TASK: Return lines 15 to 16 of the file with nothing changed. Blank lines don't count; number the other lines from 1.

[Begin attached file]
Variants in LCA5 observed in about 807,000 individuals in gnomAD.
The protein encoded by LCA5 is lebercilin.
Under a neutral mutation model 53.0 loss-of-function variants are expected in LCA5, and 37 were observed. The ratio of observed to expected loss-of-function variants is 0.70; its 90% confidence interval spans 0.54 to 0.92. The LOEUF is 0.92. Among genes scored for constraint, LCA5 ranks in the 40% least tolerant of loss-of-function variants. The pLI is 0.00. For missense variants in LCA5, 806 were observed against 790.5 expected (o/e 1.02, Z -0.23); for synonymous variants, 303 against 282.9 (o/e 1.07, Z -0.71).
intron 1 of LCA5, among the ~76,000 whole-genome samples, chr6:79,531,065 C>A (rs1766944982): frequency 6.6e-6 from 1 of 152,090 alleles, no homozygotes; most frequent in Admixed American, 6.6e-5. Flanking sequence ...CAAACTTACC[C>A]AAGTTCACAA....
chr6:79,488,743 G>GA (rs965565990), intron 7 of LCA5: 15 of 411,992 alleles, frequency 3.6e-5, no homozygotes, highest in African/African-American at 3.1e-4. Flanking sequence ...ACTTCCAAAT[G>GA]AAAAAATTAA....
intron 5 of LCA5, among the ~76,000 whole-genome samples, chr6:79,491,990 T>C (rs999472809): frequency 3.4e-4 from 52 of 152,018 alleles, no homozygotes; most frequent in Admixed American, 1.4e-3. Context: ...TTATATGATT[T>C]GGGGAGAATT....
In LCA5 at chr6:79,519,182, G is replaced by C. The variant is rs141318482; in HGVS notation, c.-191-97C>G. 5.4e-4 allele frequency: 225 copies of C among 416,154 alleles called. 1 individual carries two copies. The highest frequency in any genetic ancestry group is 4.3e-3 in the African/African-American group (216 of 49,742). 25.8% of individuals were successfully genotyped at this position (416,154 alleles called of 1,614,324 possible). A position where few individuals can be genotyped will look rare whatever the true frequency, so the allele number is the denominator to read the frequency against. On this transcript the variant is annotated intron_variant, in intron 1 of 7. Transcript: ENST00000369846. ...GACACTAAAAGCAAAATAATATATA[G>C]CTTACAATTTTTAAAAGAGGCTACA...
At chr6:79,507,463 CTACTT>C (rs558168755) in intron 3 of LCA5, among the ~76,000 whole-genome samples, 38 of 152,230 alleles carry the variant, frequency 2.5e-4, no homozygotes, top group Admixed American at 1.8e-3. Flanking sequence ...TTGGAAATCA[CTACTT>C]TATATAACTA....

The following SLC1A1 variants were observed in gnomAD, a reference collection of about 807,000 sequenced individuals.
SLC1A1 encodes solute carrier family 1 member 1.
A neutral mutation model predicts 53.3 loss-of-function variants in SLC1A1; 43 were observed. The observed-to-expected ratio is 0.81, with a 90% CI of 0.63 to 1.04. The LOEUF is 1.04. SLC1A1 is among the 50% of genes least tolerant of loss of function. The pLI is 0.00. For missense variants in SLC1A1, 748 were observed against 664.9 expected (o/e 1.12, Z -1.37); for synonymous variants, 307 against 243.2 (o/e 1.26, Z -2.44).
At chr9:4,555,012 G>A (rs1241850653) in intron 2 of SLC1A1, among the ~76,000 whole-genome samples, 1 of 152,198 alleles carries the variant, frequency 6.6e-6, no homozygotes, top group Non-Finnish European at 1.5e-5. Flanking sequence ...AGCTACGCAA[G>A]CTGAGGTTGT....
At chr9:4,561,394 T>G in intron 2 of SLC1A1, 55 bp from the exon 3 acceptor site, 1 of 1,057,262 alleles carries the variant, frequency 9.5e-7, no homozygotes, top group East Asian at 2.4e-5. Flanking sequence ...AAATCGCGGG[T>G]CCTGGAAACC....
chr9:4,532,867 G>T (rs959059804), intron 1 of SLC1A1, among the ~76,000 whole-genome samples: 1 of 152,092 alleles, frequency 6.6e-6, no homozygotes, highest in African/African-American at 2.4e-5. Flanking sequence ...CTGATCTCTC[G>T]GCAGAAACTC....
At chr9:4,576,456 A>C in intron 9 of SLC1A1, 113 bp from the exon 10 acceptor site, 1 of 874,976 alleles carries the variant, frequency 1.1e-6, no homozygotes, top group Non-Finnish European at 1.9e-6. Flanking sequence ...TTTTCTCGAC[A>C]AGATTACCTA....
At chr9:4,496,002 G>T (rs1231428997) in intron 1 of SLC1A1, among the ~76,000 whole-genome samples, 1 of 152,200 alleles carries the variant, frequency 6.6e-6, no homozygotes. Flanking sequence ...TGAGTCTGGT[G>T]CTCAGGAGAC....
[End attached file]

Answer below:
At chr9:4,576,456 A>C in intron 9 of SLC1A1, 113 bp from the exon 10 acceptor site, 1 of 874,976 alleles carries the variant, frequency 1.1e-6, no homozygotes, top group Non-Finnish European at 1.9e-6. Flanking sequence ...TTTTCTCGAC[A>C]AGATTACCTA....
At chr9:4,496,002 G>T (rs1231428997) in intron 1 of SLC1A1, among the ~76,000 whole-genome samples, 1 of 152,200 alleles carries the variant, frequency 6.6e-6, no homozygotes. Flanking sequence ...TGAGTCTGGT[G>T]CTCAGGAGAC....